There are hockey moms, and then there is Randi Miller-Gol.
Miller-Gol plays hockey. She and her son, Kazim, would watch games together. It seemed to make sense for Miller-Gol to find a way to get her son involved in the sport they both loved.
Except Kazim, 8, was diagnosed non-verbal autism and epilepsy, making it far more difficult to find a hockey team for him to join.
“The only opportunity I could find was in Northern Virginia,” Miller-Gol said. “Of course, we were welcome to join their team, but it was too far of a drive. So, I put it out there, that I was interested in starting an adaptive ice hockey team, if there wasn’t one already that I didn’t know about.”
Someone sent a screenshot of that post to the league director of the American Special Hockey Association, which is dedicated to people with disabilities who want to play hockey. The association eventually got in touch with Miller-Gol to say, “‘Yeah, you can start a team. You need a name and a logo and just a whole lot of ambition to get it up and running,’” Miller-Gol recalled.
Within six weeks of that phone call in March 2021, the Richmond Retrievers became the 100th team in the ASHA league at the team’s founding in June 2021. There are now 105 teams, according to Miller-Gol.
Miller-Gol’s son currently plays hockey on a team with about 20 other kids and young adults who have special needs. Their disabilities range from being vision-impaired, having autism, epilepsy and cerebral palsy.
“We’re totally all abilities on our team. Any ability at all,” Miller-Gol said. “Regardless, we try to find a way. If they want to be on the team, we try to find a way to adapt to their needs.”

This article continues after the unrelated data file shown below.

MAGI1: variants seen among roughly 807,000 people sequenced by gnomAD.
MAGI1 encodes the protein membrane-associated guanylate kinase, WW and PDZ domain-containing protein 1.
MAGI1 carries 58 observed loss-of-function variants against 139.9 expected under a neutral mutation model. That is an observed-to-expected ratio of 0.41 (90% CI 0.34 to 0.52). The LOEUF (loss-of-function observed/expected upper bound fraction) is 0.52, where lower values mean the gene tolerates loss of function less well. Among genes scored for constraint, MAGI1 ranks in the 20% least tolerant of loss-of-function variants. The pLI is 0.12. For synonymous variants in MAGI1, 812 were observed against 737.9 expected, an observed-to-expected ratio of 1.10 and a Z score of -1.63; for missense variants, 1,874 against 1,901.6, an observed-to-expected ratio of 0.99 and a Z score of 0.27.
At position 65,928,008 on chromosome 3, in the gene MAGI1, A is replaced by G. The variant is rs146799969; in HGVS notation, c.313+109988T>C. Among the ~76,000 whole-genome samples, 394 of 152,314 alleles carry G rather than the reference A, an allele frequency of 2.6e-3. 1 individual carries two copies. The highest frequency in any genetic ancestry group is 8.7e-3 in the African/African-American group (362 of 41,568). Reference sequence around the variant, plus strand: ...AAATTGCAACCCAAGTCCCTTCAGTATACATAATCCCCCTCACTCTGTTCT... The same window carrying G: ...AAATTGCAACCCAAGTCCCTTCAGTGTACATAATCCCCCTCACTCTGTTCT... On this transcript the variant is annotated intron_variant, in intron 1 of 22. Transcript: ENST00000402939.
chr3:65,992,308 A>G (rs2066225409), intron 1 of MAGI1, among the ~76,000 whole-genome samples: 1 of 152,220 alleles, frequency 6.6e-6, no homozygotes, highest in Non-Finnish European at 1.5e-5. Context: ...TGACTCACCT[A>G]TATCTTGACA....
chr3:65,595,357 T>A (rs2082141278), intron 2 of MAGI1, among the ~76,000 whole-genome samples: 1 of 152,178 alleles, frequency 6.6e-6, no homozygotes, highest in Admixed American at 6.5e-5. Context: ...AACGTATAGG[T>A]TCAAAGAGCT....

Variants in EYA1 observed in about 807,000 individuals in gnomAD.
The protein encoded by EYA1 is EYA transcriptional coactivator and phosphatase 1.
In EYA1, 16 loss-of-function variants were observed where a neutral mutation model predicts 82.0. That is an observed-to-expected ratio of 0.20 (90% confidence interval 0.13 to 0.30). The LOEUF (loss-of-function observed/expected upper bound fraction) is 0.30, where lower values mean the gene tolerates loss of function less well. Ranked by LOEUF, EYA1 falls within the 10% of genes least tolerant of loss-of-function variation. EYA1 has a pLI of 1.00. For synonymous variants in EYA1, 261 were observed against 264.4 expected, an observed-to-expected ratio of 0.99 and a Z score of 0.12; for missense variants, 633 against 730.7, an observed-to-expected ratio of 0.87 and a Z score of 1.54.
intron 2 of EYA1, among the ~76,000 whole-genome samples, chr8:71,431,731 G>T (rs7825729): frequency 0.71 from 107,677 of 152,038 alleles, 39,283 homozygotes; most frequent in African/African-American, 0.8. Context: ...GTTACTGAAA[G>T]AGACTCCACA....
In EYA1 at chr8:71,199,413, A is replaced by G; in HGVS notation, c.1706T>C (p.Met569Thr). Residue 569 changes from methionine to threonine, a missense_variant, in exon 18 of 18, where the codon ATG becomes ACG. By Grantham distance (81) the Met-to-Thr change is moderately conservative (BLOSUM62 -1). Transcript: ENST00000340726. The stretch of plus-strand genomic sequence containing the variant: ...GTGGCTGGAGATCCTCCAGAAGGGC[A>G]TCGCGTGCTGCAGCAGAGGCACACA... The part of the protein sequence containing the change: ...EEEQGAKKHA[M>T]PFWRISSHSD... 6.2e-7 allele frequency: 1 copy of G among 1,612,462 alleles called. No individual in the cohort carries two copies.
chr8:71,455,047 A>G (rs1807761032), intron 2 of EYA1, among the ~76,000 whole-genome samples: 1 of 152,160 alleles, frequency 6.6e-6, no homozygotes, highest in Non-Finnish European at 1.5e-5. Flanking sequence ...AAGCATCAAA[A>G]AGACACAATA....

The Retrievers have spent the past two years meeting their athletes at their levels and developing the fundamental basics of playing ice hockey. The primary goal is teaching everyone how to skate.
Of course, there are still players who need assistance with skating. For those athletes, there are adaptive ice supports, consisting of ice gliders or stacked buckets to help maintain balance. The devices, some made with PVC piping, allow the players to stand up and glide across the ice, sometimes with a team volunteer standing behind them.
“I think a key element to our program is definitely our volunteers,” Miller-Gol said. “That’s what makes us really unique, is that we have that one-on-one coaching per athlete when they’re on the ice. That one-on-one is so important to help the athletes access the practices, the routines, the structures, the drills, skating drills, scrimmages. They have to want to be out there and do it, obviously, but it’s really that one-on-one support that helps them do that.
“So, I’d say that the volunteers are incredibly important. Above all else. Above money, above ice, our volunteers would be our biggest need right now.”
The team volunteers come from varying backgrounds. Some are parents of a team member; some are community members who play hockey in the local adult leagues; others may have a family member or loved one with special needs. The participants range from 5 years old to young adults who come all over the Richmond area.